An Evening with Hershey Felder

June 4, 2012

in Lectures and Panel Discussions

Hershey Felder in conversation with Joyce Kulhawik

ArtsEmerson and
The New Center for Arts and Culture

Paramount Center Main Stage
Boston, MA

Hershey Felder

Hershey Felder

The multi-talented dramatic and musical interpreter of George Gershwin, Frederic Chopin, Ludwig van Beethoven and Leonard Bernstein, as himself for a change.

For a couple of hours, Hershey Felder, currently in town performing his one man shows about Leonard Bernstein and George Gershwin at ArtsEmerson, held forth about his life, his sources of inspiration and his work. The evening was jointly sponsored with The New Center For Arts and Culture, which, as it describes itself, presents performances, art and ideas that explore universal themes through a Jewish lens.

Felder grew up in an observant Jewish family in Montreal and identified himself, in the context of his religious relatives, as something of a black sheep. He took to the piano and to acting early on, and though not initially encouraged by his family to pursue his artistic path, he was determined and eventually prevailed.

Felder’s artistic departure from his Jewish, religiously observant, upbringing calls to mind, to some extent, that of the protagonist in My Name is Asher Lev, the Chaim Potok novel adapted for the theater and produced at the Lyric Stage last year.

He displayed an amazing ease and self-assurance before this audience, and was also very funny. He was filled with endless stories and conveyed them in multiple languages with convincing accents. Of course, Jewish accents related to his own upbringing were vividly present. But so were a Polish accent, on display during a couple of long stretches in which he performed sections of his work about Chopin.

He also played piano beautifully. His phrasing of a Polonaise, as he recounted the genesis of the piece in the voice of Chopin, was exquisite.

"I and Thou" (1955) by Colin McCahon

I and Thou (1955) by Colin McCahon

Some other points about his early influences were striking.

He took graduation money after college and used it to take a trip to Auschwitz. Some time later, as a young adult, he worked as a researcher on Steven Spielberg’s Shoah Foundation project interviewing Holocaust survivors, and encountered in the process some of the sets of twins that the notorious Nazi physician, Josef Mengele, had violated in his brutally inhumane experiments.

Apparently, this experience helped to focus Felder’s interest in recreating Jewish artistic lives through his own acting and playing, which some years later resulted in the first of his stage embodiments, that devoted to the life of George Gershwin (which Felder is currently performing at ArtsEmerson).

Now in his early forties, Felder has been travelling around the world for thirteen years performing his shows about Gershwin, Chopin, Beethoven and Bernstein. He adheres to a demanding schedule and has apparently performed his works over 3500 times. He noted in comparison that Hal Holbrook, so well known for his one-man show about Mark Twain, performed it only about 1000 times.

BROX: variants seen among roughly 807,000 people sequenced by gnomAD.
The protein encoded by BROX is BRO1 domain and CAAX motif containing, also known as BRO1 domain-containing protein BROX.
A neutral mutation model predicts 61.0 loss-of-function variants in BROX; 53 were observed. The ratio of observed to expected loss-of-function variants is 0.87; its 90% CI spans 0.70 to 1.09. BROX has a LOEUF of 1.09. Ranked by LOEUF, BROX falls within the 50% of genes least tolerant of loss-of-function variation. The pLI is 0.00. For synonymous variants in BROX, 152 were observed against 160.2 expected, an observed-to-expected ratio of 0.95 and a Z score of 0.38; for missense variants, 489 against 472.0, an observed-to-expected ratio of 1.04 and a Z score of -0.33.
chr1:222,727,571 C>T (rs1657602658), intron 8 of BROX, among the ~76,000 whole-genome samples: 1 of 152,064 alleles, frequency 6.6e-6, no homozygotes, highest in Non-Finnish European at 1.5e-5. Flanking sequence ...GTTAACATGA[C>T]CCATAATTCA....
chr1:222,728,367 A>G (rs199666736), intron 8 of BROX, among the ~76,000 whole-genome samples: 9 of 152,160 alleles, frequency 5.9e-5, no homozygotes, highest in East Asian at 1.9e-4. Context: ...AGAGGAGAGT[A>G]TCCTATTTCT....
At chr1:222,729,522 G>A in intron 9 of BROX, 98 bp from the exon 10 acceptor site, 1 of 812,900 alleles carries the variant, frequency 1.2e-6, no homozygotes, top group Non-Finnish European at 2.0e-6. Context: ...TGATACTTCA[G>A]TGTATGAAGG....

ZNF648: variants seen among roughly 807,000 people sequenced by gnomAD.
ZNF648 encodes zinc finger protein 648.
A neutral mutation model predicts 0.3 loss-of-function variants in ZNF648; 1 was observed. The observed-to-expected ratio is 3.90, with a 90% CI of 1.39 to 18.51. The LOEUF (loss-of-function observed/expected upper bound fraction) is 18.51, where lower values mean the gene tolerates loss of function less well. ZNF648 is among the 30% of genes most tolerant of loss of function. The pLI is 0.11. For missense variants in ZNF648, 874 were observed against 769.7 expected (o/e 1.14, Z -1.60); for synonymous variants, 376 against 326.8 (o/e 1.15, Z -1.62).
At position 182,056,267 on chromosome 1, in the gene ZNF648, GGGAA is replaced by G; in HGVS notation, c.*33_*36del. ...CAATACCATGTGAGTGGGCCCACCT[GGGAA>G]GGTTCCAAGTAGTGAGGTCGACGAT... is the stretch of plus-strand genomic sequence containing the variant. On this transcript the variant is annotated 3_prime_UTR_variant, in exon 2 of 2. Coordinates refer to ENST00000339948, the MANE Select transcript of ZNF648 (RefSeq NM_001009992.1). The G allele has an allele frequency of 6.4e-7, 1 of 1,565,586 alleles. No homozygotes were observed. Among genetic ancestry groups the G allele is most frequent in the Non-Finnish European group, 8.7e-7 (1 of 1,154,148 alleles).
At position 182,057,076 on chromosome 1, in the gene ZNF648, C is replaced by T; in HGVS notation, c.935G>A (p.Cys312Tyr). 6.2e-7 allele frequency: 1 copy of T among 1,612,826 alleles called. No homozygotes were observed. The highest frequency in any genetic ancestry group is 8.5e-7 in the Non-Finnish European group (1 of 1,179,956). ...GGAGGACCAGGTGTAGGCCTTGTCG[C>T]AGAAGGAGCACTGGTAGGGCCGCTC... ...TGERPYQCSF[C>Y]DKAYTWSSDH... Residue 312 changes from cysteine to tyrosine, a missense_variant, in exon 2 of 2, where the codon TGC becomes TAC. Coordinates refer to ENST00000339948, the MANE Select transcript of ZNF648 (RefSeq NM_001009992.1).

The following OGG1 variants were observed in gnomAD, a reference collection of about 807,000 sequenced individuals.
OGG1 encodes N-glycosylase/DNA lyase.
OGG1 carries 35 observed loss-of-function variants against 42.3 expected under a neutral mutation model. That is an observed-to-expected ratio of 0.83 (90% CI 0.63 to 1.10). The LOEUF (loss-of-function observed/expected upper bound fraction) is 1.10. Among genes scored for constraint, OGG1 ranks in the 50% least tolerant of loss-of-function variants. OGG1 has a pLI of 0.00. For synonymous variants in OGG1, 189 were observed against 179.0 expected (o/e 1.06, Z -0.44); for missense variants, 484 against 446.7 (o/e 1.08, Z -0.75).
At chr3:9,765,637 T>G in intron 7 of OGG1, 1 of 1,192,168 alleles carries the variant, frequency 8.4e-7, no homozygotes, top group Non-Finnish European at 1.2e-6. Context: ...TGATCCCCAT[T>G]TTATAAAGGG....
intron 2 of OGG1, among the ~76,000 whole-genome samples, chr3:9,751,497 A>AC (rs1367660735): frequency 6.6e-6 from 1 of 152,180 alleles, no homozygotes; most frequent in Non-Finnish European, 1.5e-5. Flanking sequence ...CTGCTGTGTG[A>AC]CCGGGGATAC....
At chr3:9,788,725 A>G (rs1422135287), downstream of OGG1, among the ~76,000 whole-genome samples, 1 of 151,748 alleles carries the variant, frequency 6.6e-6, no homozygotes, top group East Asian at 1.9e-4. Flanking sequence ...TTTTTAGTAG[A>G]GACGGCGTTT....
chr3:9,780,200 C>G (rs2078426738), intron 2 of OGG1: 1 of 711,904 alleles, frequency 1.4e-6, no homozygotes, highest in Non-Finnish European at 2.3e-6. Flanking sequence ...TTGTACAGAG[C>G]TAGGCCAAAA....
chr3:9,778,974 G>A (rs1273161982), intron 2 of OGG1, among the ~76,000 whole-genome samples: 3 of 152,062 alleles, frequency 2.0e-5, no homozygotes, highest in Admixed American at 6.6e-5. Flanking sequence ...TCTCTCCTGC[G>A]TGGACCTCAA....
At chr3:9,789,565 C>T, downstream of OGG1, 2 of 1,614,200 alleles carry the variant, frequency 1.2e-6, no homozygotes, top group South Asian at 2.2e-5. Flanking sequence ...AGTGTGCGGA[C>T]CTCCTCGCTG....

With great assurance and conviction, Felder spoke categorically about his sense of dramatic self-discipline, drawing a distinction between his approach and that which one normally associates with method acting. Felder thinks strictly in terms of inhabiting and authentically rendering his characters rather than using them in some way as vehicles for self-expression. He talked passionately about the work involved in the honest rendering of his characters, making it clear that he served them, rather than employing them as vehicles for expressing himself.

Pablo Picasso, "Girl Before A Mirror" (1932)

Pablo Picasso, Girl Before A Mirror (1932)
Courtesy of Museum of Modern Art, New York

Clearly Felder’s best known form of art is biographically-inspired depiction which lends itself quite well to the distinctively non-method approach he advocates. It would be curious to see whether his strong convictions might alter if, at some point, he were to experiment with less biographically-inspired characters.

Nonetheless, Felder’s humor, warmth and intelligence are so naturally a part of the characters that he inhabits, what he regards as a dissociation of himself from them is not so clear.

Felder noted that in the mid-1990s he fell in love with and married the former prime minister of Canada, Kim Campbell, who is twenty-one years his senior. They met when Felder was asked to perform at the Canadian Consular Residence in Los Angeles where she was being honored.

Joyce Kulhawik, long-time Boston-area arts journalist, interviewed Felder and did a creditable job, drawing him out as needed and then letting him weave a series of narratives a way that kept the evening moving but allowed Felder plenty of room to improvise and express himself.

At the close of the evening, Felder played and sang – and encouraged others to sing – a medley of Jewish songs. It was sweet, sentimental and only a little bit, but excusably, hokey, when he ended with Sunrise, Sunset from Fiddler on the Roof.

– BADMan

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